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They were sold through the chain until they ended in the collection of a high-ranking CIA officer who specialised in them. Years later I had the chance to tell him of their origin in the Prague Spring. The Prague Spring would take place in the confluence of major changes in the structure and unity of the international socialist and communist movements; the battle for the Left.

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The struggle to support and control trades unions was very much a part of the battle to control the Left. For years the Socialists, Social Democrats, Christian unionists and the Communists fought for dominance in the labour movement. They were, and remain, competitive movements.

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Despite periods of temporary unity, like the Popular Front, they clashed in the battle for control of the Left. The main point raised against the Communists was that they were controlled by Moscow Stalinists and the aims of the Soviets took precedence over the pursuit of the class struggle. There were several key flashpoints when this conflict became obvious and extremely divisive.

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One of the most memorable of these was the role of the Communists in the Spanish Civil War. The Spanish Republic had been dominated by the Socialists and anarchists and the ant-Stalinist factions of the Communist Party. When the war broke out the Spanish Republicans rallied to the fight against the Fascists.

This betrayal has never been forgiven by the non-Communist Left across the world. However, the greatest betrayal of the Stalinists in the struggle for control of the Left, one which has left its lasting mark in the political history of Europe, was the Hitler-Stalin Pact of August 23, , where Germany and the Soviets signed a mutual non-aggression pact allowing them to carve up Europe. Germany started by invading Czechoslovakia and Poland, while the Soviets attacked Finland. The Left was outraged that Stalin would enter any kind of league with Hitler.

The result of the Pact was that Communists across the globe turned against the Socialists, Social Democrats, Christian Democrats and anarchists. They collaborated with the Germans in jailing unionists, politicians and subverting their own national governments. In France, the CGT unionists sabotaged French war production, militated against national defence, and sought to assist the Nazis even when France itself was occupied.

The German occupying power in France published its decrees and directives in the French Communist newspaper.

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The Communists attacked the Resistance and killed many of its leaders. This bizarre activity continued until that magical day of 22 June when Hitler invaded the Soviet Union. After that the Soviets did a volte face and engaged themselves in supporting the Allied forces.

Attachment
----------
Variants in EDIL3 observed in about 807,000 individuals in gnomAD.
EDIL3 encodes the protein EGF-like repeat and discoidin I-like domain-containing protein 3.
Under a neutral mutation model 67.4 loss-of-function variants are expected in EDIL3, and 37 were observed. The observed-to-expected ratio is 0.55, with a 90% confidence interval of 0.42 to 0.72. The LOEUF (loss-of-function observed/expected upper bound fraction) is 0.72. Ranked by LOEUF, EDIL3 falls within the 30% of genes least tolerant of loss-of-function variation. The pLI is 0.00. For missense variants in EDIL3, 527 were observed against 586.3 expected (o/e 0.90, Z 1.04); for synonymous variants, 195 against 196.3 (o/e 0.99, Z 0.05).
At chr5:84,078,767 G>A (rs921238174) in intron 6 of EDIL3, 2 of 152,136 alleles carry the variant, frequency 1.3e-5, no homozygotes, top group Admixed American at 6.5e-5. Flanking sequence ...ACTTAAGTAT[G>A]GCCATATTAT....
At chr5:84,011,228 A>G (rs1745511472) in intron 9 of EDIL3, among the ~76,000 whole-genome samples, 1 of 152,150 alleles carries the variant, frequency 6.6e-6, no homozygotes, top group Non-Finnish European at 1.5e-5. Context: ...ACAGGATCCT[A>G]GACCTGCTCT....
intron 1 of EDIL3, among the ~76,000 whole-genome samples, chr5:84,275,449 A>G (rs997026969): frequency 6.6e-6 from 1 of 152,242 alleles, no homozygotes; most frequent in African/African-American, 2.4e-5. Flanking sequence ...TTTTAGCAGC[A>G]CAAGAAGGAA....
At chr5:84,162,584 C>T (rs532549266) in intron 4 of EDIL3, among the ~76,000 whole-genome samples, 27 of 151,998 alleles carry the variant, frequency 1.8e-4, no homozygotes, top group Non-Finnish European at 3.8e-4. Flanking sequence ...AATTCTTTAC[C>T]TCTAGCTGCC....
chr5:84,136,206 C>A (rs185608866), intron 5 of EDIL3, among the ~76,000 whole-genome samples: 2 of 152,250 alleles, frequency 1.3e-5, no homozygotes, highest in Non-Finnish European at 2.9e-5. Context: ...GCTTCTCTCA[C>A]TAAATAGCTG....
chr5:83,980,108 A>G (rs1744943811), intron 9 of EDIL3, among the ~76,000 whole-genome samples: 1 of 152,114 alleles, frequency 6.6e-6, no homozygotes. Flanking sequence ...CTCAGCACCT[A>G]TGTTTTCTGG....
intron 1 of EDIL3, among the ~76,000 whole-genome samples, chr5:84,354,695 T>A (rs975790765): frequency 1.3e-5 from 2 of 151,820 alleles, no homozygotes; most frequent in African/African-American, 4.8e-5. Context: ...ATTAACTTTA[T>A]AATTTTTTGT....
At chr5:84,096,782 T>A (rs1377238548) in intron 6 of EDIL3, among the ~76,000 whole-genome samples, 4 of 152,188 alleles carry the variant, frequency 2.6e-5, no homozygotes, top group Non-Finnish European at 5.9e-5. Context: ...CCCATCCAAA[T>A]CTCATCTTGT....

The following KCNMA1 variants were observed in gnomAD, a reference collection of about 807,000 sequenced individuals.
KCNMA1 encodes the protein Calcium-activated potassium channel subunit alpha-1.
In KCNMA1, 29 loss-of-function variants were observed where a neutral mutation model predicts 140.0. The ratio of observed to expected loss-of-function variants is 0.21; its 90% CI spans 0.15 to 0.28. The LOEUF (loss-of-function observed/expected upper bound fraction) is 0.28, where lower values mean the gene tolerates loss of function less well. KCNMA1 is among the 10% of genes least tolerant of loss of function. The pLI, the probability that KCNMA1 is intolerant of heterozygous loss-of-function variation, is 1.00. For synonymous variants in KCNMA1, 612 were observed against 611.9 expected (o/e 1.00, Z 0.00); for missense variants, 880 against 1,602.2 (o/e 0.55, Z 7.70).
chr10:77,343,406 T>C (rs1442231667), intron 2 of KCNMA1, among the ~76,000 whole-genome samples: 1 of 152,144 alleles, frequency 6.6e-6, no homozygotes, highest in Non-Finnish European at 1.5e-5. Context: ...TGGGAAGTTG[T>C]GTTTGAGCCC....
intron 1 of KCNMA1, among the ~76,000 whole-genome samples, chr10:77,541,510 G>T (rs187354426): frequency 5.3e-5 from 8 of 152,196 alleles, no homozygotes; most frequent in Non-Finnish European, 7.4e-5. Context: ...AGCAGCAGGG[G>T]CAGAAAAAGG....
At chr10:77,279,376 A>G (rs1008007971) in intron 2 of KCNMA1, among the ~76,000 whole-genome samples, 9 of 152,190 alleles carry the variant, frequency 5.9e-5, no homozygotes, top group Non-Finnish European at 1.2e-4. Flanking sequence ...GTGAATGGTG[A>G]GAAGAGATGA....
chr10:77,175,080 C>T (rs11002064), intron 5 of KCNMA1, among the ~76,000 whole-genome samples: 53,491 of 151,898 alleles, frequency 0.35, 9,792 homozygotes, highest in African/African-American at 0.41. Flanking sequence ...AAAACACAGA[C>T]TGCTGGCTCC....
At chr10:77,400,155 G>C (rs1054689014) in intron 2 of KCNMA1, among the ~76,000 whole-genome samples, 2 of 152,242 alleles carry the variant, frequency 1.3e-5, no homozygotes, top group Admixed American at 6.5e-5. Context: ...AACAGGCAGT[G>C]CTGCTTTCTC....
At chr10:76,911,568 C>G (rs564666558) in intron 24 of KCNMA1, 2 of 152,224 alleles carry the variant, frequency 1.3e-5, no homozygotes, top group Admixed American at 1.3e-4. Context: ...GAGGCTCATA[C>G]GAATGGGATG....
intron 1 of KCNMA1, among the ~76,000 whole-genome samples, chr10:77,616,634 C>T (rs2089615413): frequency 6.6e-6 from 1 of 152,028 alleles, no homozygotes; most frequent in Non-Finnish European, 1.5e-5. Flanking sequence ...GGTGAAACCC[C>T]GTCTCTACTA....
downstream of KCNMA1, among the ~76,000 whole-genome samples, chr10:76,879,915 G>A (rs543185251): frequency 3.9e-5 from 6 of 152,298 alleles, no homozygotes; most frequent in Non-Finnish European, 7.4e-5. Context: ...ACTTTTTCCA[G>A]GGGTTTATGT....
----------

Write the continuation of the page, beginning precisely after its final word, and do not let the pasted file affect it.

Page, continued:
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The continuing conflict between the Communists and others on the Left in Europe was not made easier by the efforts of the European Communists to play an important role with the military occupation forces which controlled post-war Germany, Austria. They soon fell out with these forces and began a period of opposition leading, finally, to the refusal of Stalin to allow the Marshall Plan to work. The battle for this took place mainly in the labour movements.

Not only did the Soviets act to prevent their satellites from participating in the Marshall Plan, they created a plan to use their strength in the ports and dockworkers unions to prevent or delay Marshall Plan aid from arriving in Europe. The key hub of contention was France. Until the PCF followed the Moscow line of co-operation with the French efforts at increasing production; but with the political polarisation in the struggles in Greece, Austria, Turkey and Iran, they became more militant and hostile to the French and Allied powers.

With the proposed advent of the Marshall Plan the unions were ordered to oppose any such efforts. These funds, coming from the CIA, amounted to around two million dollars a year according to Tom Braden who disbursed them. Massive overdrafts were written off by the Moscow shareholders when the party and the union required cash for operating.

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The Czech miners sent million francs to the mineworkers. The Romanians sent more than 10 million. Jacques Duclos, for the PCF, denied that these funds, amounting to over 68 million francs in two months, were anything but friendly assistance from brother unionists. The severest battles occurred on the docks where PCF unionists, determined to block the entry of Marshall Plan aid, refused to unload American ships.

This was not an unmixed blessing for the French port authorities as these Corsicans tended to stay on and run the ports long after the political battles were over, exchanging their political activity for a more traditional form of endeavour: gun-running, drug smuggling and the protection business. The costs of this split were borne by both the CIA and Moscow. The only real exception to this pattern was in Yugoslavia, where Marshal Tito led the Yugoslavs to a form of exceptionalism, distancing his country from the Soviets after the assassination of General Zhdanov by Stalin.